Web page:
NatWest and Coadjute form blockchain consortium to streamline home buying in UK

James is editor in chief of TechForge Media, with a passion for how technologies influence business and several Mobile World Congress events under his belt. James has interviewed a variety of leading figures in his career, from former Mafia boss Michael Franzese, to Steve Wozniak, and Jean Michel Jarre. James can be found tweeting at @James_T_Bourne.

NatWest, alongside Coadjute, is forming a new distributed ledger technology consortium with the aim of streamlining the process of home buying in the UK.

As first reported by Forbes, through this consortium the home buying process could aim to be cut down to three weeks from several months. Some of the other software providers which are also part of the consortium are Redbrick Solutions Conveyancing Software, Search Acumen Property Data, Dezrez Estate Agency Software, Conveyancing Data Services Property Data, LMS Panel Management Software and eTech Surveyor Software.

The project will focus on offering NatWest customers with complete transparency over the entire home buying process through a companion app.

In the same sector, HSBC recently announced that it has completed two blockchain letters of credit transactions – one between firms in Saudi Arabia and Bahrain, and another between firms in Oman and Abu Dhabi. One of the advantages of blockchain letters of credit is that it completely takes out manual paperwork as well as associated costs. Melika Betley, CEO of HSBC Bahrain said: “As the world’s leading bank for trade finance, HSBC is actively supporting the adoption of technologies such as blockchain to make global trade faster, safer and simpler. With intraregional trade continuing to grow, we see tremendous potential for blockchain in the GCC [Gulf Cooperation Council].”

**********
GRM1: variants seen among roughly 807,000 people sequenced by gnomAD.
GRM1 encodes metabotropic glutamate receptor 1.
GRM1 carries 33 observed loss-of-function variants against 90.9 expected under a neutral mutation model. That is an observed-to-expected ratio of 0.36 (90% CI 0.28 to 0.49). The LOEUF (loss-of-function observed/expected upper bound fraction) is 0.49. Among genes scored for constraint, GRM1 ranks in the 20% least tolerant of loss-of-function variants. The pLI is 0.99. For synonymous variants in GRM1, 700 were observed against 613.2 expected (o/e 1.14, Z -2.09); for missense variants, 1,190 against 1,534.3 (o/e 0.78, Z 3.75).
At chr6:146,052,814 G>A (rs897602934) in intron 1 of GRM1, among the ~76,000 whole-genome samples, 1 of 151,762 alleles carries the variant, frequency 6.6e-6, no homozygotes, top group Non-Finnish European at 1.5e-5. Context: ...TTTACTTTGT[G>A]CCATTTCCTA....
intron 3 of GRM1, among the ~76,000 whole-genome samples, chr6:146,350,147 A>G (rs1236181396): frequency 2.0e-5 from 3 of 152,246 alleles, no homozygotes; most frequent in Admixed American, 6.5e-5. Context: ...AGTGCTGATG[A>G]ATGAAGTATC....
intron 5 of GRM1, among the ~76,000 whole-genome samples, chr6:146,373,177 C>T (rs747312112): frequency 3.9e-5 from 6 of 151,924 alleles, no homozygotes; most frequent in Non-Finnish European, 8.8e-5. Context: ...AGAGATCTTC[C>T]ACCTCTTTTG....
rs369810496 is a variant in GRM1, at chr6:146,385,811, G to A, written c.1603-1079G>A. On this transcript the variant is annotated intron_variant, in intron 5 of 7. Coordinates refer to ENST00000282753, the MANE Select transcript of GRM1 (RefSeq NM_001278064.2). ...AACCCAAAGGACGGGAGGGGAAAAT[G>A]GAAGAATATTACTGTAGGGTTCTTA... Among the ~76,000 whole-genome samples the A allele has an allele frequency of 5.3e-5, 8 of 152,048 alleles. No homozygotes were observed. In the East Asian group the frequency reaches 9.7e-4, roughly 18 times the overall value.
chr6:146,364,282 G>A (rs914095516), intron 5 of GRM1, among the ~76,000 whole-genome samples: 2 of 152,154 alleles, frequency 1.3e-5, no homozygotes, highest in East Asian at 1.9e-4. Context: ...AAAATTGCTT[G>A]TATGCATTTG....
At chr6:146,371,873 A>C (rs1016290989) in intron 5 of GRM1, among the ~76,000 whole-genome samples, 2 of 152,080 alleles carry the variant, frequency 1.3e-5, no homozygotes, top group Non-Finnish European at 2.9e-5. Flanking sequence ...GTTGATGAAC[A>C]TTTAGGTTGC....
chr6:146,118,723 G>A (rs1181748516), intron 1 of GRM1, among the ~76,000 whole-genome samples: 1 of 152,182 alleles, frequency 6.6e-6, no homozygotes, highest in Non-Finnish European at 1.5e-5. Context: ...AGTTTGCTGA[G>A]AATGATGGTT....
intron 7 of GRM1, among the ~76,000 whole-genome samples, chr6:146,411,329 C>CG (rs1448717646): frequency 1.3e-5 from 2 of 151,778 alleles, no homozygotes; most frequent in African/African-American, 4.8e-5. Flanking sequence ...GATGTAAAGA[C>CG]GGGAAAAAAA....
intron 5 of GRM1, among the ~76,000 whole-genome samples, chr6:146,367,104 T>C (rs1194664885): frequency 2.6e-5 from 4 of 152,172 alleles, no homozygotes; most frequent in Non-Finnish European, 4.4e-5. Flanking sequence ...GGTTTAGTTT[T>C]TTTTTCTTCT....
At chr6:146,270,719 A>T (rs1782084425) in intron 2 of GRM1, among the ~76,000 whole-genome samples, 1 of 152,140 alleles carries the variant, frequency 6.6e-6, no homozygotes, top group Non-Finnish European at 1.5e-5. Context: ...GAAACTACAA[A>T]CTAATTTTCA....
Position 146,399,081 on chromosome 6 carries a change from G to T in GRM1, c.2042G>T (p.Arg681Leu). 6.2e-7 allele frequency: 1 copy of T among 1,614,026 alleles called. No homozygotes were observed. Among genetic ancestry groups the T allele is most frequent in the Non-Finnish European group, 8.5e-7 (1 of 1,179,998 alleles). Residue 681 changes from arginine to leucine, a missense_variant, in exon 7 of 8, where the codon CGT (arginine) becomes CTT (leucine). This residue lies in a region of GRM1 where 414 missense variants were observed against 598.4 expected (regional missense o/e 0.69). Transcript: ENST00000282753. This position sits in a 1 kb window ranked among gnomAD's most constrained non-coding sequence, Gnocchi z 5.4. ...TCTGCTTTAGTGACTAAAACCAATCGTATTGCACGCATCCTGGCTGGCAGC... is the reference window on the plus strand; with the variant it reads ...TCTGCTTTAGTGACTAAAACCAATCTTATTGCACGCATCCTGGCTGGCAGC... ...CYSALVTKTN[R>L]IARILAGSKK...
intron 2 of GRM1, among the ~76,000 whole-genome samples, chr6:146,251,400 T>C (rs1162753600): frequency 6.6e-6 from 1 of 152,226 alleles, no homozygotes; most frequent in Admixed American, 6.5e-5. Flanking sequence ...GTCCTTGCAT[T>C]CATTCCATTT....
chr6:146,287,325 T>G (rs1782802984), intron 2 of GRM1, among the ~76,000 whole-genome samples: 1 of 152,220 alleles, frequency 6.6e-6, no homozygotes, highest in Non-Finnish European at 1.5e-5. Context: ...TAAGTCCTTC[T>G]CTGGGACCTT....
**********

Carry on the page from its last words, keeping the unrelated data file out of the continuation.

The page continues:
In September, it had completed the first blockchain-based letter of credit transaction using Chinese Yuan. Ajay Sharma, HSBC’s regional head of global trade and receivables finance for APAC, said: “Transactions via this platform have primarily been individual pilot cases so far. The progress was being made toward a full proposition and could be a commercially acceptable model for banks. We are hoping that we will have something by end of the year, maybe the first quarter of next year, where will we know from Voltron what it costs, at which point, a lot of banks who might be sitting on the sidelines will be able to make a decision.”

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